chill

Some plants like to chill; some don’t.

In two pots between the porch and my little 4′ x 4′ raised bed, I planted an unlabeled coleus from the hardware store and the dark-leaved sweet potato vine pictured previously in this space.  After a blast of cool air on two nights this week, the sweet potato vine was looking near death.  We didn’t have a frost, and I’m not sure we actually got below 40 degrees Fahrenheit yet.  But this is a tropical vine, and it shows.

The coleus, on the other hand, just seemed to thrive after a chance to chill.  Its colors were, if anything, more intense.  After taking its picture early Wednesday morning, I knew I wanted to write about it, and so I started the hunt for its name.

Now, I knew there are now hundreds of coleus cultivars out there.  When I was first succumbing to the gardening bug, coleus was an iron-tough plant that was “old-fashioned” and had a really unfortunate and narrow range of colors and forms.  Modern plant breeding has done away with all that, though.

I knew this.  But even so, I was stunned at what I found once I began searching.  There are so many out there, it’s mind-blowing.

First of all, it turns out the lovely coleus I planted in its tiny pot, from which it spread four feet and even rooted itself in the raised bed, is called ‘Odalisque’, which has a rather personal meaning for me.  It’s a gorgeous plant and really makes the colors of the two sweet potato vines pop.

But you don’t have to choose ‘Odalisque’.  You can take your pick among such evocatively named Coleus cultivars as ‘Cranberry Salad’, ‘Careless Love‘, ‘Defiance’, ‘Dead Drunk’, ‘Dark Secret‘, ‘FlimFlam’, ‘Flapdoodle’, ‘Parrot Jargon‘, ‘Peachy Keen’, ‘Pistachio Nightmare’, ‘Religious Radish’, ‘Rorshach‘, ‘Schizophrenia’, ‘September Divorce‘, ‘Smartypants’, ‘Tantric CanCan’, ‘Swiss Sunshine‘, or ‘Yin & Yang’.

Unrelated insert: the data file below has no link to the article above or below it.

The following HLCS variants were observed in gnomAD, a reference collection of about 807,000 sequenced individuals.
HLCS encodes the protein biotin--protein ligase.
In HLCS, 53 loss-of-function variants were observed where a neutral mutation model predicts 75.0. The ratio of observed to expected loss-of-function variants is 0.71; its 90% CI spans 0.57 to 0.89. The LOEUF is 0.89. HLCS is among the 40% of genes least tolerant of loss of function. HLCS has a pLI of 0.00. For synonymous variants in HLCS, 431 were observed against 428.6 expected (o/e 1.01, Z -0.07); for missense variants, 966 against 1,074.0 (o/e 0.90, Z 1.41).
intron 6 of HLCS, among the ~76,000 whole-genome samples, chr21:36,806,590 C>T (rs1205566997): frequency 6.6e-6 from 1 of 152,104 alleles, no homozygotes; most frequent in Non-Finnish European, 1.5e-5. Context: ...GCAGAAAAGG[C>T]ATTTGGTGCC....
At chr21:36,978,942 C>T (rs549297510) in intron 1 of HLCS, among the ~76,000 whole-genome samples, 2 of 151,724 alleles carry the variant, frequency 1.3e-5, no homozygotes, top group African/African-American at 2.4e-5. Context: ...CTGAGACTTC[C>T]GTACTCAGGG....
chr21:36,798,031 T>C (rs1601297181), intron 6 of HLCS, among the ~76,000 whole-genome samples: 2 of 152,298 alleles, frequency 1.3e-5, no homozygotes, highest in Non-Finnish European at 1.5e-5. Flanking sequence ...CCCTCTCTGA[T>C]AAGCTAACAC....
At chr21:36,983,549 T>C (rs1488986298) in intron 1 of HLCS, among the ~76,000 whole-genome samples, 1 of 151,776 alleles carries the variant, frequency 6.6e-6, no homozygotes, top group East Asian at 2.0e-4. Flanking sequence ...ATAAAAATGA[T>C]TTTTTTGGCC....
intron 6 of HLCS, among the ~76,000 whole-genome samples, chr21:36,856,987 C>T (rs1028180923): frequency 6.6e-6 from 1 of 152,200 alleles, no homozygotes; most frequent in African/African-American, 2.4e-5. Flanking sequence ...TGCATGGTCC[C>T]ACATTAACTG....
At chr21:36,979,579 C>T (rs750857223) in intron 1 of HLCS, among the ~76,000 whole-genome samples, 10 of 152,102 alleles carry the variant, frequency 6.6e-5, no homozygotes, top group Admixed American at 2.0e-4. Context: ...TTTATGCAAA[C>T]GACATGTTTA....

After doing my research for this post, I’m personally tempted by ‘Copper,’ ‘Dappled Apple,’ ‘Havoc,’ ‘Kriptonite,’ ‘Lava Flow’, ‘Pineapplet’, ‘Rheingold’, ‘Sizzle,’ ‘Tilt a Whirl’, and ‘Thumbelina’.

Obviously, with a small space, a limited budget, and only regular human energy reserves, that list will have to be shrunk somewhat.  I suppose that’s what a winter is for:  planning next year’s garden.

Advertisements

2 Responses to “chill”

  1. Wonderful pairing. I love coleus. And I love that winter gives us the opportunity to dream our gardens.

Leave a Reply

Fill in your details below or click an icon to log in:

WordPress.com Logo

You are commenting using your WordPress.com account. Log Out / Change )

Twitter picture

You are commenting using your Twitter account. Log Out / Change )

Facebook photo

You are commenting using your Facebook account. Log Out / Change )

Google+ photo

You are commenting using your Google+ account. Log Out / Change )

Connecting to %s

%d bloggers like this: